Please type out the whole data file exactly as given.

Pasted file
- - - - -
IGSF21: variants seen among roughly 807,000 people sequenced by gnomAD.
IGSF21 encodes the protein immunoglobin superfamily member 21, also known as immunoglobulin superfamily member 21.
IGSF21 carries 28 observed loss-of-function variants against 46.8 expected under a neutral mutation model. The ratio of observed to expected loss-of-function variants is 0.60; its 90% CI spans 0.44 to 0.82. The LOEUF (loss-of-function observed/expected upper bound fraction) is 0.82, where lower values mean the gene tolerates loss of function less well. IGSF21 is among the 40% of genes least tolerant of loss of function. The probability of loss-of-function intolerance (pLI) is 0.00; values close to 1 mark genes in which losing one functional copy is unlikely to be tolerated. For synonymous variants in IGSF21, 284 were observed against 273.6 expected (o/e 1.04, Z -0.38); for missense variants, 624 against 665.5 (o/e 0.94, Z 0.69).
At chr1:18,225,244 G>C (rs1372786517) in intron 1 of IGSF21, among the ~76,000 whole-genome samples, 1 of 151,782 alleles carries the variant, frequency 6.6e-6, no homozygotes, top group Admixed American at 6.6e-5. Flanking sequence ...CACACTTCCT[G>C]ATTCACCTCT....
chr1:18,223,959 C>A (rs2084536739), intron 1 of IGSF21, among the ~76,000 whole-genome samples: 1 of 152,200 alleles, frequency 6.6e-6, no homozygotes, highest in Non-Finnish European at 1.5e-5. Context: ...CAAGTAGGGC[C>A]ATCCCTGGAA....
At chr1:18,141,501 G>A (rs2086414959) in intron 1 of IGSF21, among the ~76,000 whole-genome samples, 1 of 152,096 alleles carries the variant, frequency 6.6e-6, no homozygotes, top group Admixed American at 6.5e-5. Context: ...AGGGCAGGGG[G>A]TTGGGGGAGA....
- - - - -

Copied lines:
IGSF21: variants seen among roughly 807,000 people sequenced by gnomAD.
IGSF21 encodes the protein immunoglobin superfamily member 21, also known as immunoglobulin superfamily member 21.
IGSF21 carries 28 observed loss-of-function variants against 46.8 expected under a neutral mutation model. The ratio of observed to expected loss-of-function variants is 0.60; its 90% CI spans 0.44 to 0.82. The LOEUF (loss-of-function observed/expected upper bound fraction) is 0.82, where lower values mean the gene tolerates loss of function less well. IGSF21 is among the 40% of genes least tolerant of loss of function. The probability of loss-of-function intolerance (pLI) is 0.00; values close to 1 mark genes in which losing one functional copy is unlikely to be tolerated. For synonymous variants in IGSF21, 284 were observed against 273.6 expected (o/e 1.04, Z -0.38); for missense variants, 624 against 665.5 (o/e 0.94, Z 0.69).
At chr1:18,225,244 G>C (rs1372786517) in intron 1 of IGSF21, among the ~76,000 whole-genome samples, 1 of 151,782 alleles carries the variant, frequency 6.6e-6, no homozygotes, top group Admixed American at 6.6e-5. Flanking sequence ...CACACTTCCT[G>C]ATTCACCTCT....
chr1:18,223,959 C>A (rs2084536739), intron 1 of IGSF21, among the ~76,000 whole-genome samples: 1 of 152,200 alleles, frequency 6.6e-6, no homozygotes, highest in Non-Finnish European at 1.5e-5. Context: ...CAAGTAGGGC[C>A]ATCCCTGGAA....
At chr1:18,141,501 G>A (rs2086414959) in intron 1 of IGSF21, among the ~76,000 whole-genome samples, 1 of 152,096 alleles carries the variant, frequency 6.6e-6, no homozygotes, top group Admixed American at 6.5e-5. Context: ...AGGGCAGGGG[G>A]TTGGGGGAGA....